Nyrambla, the historical Ascot spy house, has been sold to an undisclosed owner during a weekend auction for almost $9 million.
The deal came through after dark in mid-May 2021 with five registered bidders vying for the historical house. However, the vendor bid of $8.5 million wasn’t reached until a local bidder on the phone negotiated on closing the sale.
Someone in the crowd at the front lawn of Nyrambla thought that the house would be easily snapped up for $10 million but a former resident of the Ascot spy house said that it could be challenging to find a builder that will properly maintain the heritage-listed house.
In its nearly 100 years of existence, Nyrambla was home to many Brisbane personalities, including famous writer and director Bille Brown, farmer’s market queen Jan Powers, as well as Australian artist Lawrence Daws and his wife Andree.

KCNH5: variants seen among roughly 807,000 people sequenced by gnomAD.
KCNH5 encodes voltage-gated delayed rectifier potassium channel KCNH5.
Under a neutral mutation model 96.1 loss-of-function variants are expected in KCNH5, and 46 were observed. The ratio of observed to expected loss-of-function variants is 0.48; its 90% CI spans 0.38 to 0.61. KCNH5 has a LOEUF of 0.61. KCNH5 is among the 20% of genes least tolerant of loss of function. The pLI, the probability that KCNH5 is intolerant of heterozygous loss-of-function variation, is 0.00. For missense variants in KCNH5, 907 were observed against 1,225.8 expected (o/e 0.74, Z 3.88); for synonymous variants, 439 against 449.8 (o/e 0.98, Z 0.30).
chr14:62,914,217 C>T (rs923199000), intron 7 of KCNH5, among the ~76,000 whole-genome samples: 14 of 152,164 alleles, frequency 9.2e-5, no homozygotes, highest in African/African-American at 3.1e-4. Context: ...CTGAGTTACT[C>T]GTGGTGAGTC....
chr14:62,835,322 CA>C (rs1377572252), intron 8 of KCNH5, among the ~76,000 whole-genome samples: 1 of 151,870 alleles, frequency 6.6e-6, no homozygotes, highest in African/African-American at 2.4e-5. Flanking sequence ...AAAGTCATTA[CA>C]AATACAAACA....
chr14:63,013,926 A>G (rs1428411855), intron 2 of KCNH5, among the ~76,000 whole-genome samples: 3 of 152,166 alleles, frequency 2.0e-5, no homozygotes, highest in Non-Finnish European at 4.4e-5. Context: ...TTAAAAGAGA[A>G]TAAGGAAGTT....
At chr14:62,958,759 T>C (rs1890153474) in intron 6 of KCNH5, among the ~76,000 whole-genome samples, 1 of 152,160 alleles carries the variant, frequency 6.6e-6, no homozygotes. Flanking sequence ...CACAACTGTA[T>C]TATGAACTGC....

It was the family of Andree who decided to sell the house following her passing. Andree’s son and Lawrence’s stepson, Rick Roberts, has spent some 20 years rebuilding Nyrambla. Meanwhile, Lawrence has since moved to the south of Adelaide in Port Willunga.
The new owner of the Ascot spy house is a friend of the Daws family yet they still acknowledged that it was sad to let go of the beautiful and historical house.
Nyrambla was requisitioned during World War II by General Douglas MacArthur to be used as an intelligence bureau for decoding Japanese radio transmissions. At the house’s garage, members of the Australian Women’s Army Service worked as codebreakers, who were not allowed to discuss their work with anyone, including their families.
Recently, the story of The Garage Girls, as the Nyrambla codebreakers were called, has been turned into a book titled “The Codebreakers” by Alli Sinclair.